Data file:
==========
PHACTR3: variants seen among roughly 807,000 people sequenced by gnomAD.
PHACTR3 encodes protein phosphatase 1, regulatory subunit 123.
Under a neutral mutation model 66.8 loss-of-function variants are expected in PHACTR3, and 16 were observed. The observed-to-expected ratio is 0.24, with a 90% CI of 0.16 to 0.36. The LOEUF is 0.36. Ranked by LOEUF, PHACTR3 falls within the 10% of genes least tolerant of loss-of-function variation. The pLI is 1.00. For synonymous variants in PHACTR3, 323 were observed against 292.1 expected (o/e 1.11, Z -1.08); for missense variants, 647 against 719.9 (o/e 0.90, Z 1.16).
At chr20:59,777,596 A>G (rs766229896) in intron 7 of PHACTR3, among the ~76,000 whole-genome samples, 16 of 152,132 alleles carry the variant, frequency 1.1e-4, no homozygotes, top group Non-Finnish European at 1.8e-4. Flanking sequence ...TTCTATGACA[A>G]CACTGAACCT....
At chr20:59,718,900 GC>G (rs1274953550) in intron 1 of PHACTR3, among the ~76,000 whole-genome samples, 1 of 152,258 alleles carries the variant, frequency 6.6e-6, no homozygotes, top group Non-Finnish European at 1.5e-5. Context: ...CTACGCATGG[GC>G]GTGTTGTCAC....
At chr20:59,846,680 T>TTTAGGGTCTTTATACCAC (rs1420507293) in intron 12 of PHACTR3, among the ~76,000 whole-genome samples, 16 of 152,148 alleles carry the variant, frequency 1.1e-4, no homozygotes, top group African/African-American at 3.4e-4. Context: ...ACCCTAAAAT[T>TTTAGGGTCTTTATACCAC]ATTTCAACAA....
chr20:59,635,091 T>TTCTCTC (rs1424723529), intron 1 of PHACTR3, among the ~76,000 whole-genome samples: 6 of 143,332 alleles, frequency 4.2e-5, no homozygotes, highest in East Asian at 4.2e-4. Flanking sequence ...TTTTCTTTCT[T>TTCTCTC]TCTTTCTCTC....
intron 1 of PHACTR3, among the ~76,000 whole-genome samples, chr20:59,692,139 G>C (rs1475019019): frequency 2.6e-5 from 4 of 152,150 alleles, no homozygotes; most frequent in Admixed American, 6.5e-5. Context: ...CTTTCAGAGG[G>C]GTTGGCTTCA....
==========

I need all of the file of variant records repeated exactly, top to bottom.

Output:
PHACTR3: variants seen among roughly 807,000 people sequenced by gnomAD.
PHACTR3 encodes protein phosphatase 1, regulatory subunit 123.
Under a neutral mutation model 66.8 loss-of-function variants are expected in PHACTR3, and 16 were observed. The observed-to-expected ratio is 0.24, with a 90% CI of 0.16 to 0.36. The LOEUF is 0.36. Ranked by LOEUF, PHACTR3 falls within the 10% of genes least tolerant of loss-of-function variation. The pLI is 1.00. For synonymous variants in PHACTR3, 323 were observed against 292.1 expected (o/e 1.11, Z -1.08); for missense variants, 647 against 719.9 (o/e 0.90, Z 1.16).
At chr20:59,777,596 A>G (rs766229896) in intron 7 of PHACTR3, among the ~76,000 whole-genome samples, 16 of 152,132 alleles carry the variant, frequency 1.1e-4, no homozygotes, top group Non-Finnish European at 1.8e-4. Flanking sequence ...TTCTATGACA[A>G]CACTGAACCT....
At chr20:59,718,900 GC>G (rs1274953550) in intron 1 of PHACTR3, among the ~76,000 whole-genome samples, 1 of 152,258 alleles carries the variant, frequency 6.6e-6, no homozygotes, top group Non-Finnish European at 1.5e-5. Context: ...CTACGCATGG[GC>G]GTGTTGTCAC....
At chr20:59,846,680 T>TTTAGGGTCTTTATACCAC (rs1420507293) in intron 12 of PHACTR3, among the ~76,000 whole-genome samples, 16 of 152,148 alleles carry the variant, frequency 1.1e-4, no homozygotes, top group African/African-American at 3.4e-4. Context: ...ACCCTAAAAT[T>TTTAGGGTCTTTATACCAC]ATTTCAACAA....
chr20:59,635,091 T>TTCTCTC (rs1424723529), intron 1 of PHACTR3, among the ~76,000 whole-genome samples: 6 of 143,332 alleles, frequency 4.2e-5, no homozygotes, highest in East Asian at 4.2e-4. Flanking sequence ...TTTTCTTTCT[T>TTCTCTC]TCTTTCTCTC....
intron 1 of PHACTR3, among the ~76,000 whole-genome samples, chr20:59,692,139 G>C (rs1475019019): frequency 2.6e-5 from 4 of 152,150 alleles, no homozygotes; most frequent in Admixed American, 6.5e-5. Context: ...CTTTCAGAGG[G>C]GTTGGCTTCA....